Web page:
Author:Emma Chase

“Baby’s crownin’,” Higgens announces. He pats her knee. “A nice big push on the next one should do it.”


I stand up and glance over Jenny’s leg, and I see the top of the head, pushing against my favorite place in the whole world. It’s bizarre and disgusting, but . . . but kind of incredible too.


Jenny falls back, pale and drained. Her sobs make my throat want to close. “I can’t. I thought I could do it, but I can’t. Please, no more. I’m so tired.”


Her momma wanted to be here in the delivery room—they argued about it. Because Jenny said she only wanted it to be us. Her and me—together.


Gently, I lift Jenn’s shoulders and slide behind her onto the bed, bracing my legs on either side of her. My arms encircle her stomach, my chest supports her back, and her head rests against my collarbone. I brush my lips against her temple, her cheek, murmuring soft nonsensical words, the same way I’d whisper to a skittish horse.


“Shh, don’t cry, darlin’. You’re doin’ so good. We’re almost there. Just one more push. I know you’re tired, and I’m sorry it hurts. One more and you can rest. I’m right here with you—we’ll do it together.”


Her head turns to me wearily. “One more?”


I give her a smile. “You’re the toughest girl I know. You always have been.” I wink. “You got this.”


She takes a few deep breaths, psyching herself up. “Okay.” She breathes. “Okay.” She sits up straighter, bending toward her raised knees. Her fingers clamp down on my hands when the next contraction comes. The room fills with long, guttural groans for a dozen seconds and then . . . a sharp cry pierces the air. A baby’s cry.


Our baby.


Jenny pants and gasps with sudden relief. And Dr. Higgens holds up our squirming, cheesy child and pronounces, “It’s a girl.”


My vision blurs and Jenny laughs. With her own tears streaming down her face she turns to me. “We have a baby girl, Stanton.”


“Ho-ly shit.”


And we laugh and cry and hold on to each other all at the same time. A few minutes later, Happy Nurse Lynn carries the pink bundle over and places her in Jenny’s arms.


“Oh my God, she’s perfect,” Jenny sighs. My awed silence must worry her, because she asks, “You’re not disappointed she’s not a boy, are you?”


“Nah . . . boys are useless . . . nothin’ but trouble. She’s . . . she’s everything I wanted.”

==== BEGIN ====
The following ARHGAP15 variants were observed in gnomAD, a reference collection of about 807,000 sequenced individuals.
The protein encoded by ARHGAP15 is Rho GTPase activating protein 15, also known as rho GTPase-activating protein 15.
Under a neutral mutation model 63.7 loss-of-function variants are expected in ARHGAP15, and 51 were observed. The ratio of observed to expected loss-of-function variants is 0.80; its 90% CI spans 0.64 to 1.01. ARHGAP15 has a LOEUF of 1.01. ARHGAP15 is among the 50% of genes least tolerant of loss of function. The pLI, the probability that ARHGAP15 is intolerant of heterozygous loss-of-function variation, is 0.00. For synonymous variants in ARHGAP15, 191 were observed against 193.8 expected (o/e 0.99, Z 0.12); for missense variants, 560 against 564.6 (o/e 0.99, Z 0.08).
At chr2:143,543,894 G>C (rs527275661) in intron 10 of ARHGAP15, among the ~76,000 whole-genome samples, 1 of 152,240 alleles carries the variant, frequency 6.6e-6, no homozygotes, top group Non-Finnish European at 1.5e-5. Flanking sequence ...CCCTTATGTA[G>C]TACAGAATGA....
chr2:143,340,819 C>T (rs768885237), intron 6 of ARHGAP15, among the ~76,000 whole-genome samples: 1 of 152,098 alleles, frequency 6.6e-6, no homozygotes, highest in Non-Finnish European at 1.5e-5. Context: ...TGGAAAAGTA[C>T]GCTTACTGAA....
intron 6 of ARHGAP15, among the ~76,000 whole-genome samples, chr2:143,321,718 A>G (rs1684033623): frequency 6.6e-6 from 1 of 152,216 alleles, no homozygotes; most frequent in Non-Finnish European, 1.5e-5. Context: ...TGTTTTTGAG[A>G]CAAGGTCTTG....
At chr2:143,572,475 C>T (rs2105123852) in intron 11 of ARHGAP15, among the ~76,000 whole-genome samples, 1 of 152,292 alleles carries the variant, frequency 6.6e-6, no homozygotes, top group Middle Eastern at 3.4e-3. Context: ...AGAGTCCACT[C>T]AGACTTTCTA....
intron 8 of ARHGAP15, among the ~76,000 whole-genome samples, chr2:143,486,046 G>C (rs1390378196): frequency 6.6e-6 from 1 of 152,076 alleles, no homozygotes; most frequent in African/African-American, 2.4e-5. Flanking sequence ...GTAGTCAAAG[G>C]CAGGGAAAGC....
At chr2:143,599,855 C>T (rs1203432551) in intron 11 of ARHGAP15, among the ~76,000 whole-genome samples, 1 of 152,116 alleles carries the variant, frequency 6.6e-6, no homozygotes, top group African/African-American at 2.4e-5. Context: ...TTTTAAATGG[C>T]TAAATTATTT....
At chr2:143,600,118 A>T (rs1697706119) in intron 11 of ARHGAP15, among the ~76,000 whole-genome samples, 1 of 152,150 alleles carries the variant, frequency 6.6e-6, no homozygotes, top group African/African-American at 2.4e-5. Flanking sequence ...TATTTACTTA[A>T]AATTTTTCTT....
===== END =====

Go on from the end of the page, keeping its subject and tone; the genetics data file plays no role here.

I wasn’t prepared. I didn’t know it would feel like this. A tiny nose, two perfect lips, long lashes, a wisp of blond hair, and hands that I can already tell are miniature versions of my own. In an instant, my world shifts and I’m at her mercy. From this moment on, there is nothing I wouldn’t do for this beautiful little creature.


I brush my fingertip against her soft cheek, and even though men aren’t supposed to coo, I do. “Hey, baby girl.”


“Y’all got a name for her?” Nurse Lynn asks.


Jenny’s smiling eyes meet mine before turning back to Nurse Lynn. “Presley. Presley Evelynn Shaw.”


Evelynn is after Jenny’s nana. We figured it might go a long way if she ever finds those shotgun shells. She’s been searching particularly hard since Jenny and I announced we weren’t getting married—yet.


Too soon Nurse Lynn takes the baby back so she can get printed and poked. I climb off the bed while Dr. Higgens busies himself between Jenn’s legs. Then he suggests, “Why don’t you go outside and give your family the good news, son? They’ve been out there waitin’ all night.”


I look to Jenny, who nods her approval. I pick up her hand and kiss the back of it. “I love you.”


She grins, weary but joyous. “I love you too.”


I walk down the hallway, through the security doors to the waiting area. There, I find a dozen of the closest people in our lives wearing varying masks of anticipation and impatience.


Before I can get a word out, my little brother, Marshall—the nonidiot one—demands, “Well? What is it?”


I crouch down eye level with him and I smile. “It . . . is a she.”


? ? ?


Two days later, I strapped the car seat into my pickup—checking it four times, to make sure it was in right—and I brought Jenny and Presley home.


Home to her parents’ house.


And just two months after that, I left them. Traveling twelve hundred miles away to Columbia University, New York.








One year later


She was too precious, Stanton,” Jenny laughs. “She didn’t want to touch the icing at all, didn’t like it stickin’ to her fingers, so she just planted her whole face right in the cake! And she was so mad when I took it back to cut it. I wish you could’ve seen her—this child’s got attitude that puts Nana’s to shame!” She dissolves in a fit of giggles.


Could’ve seen.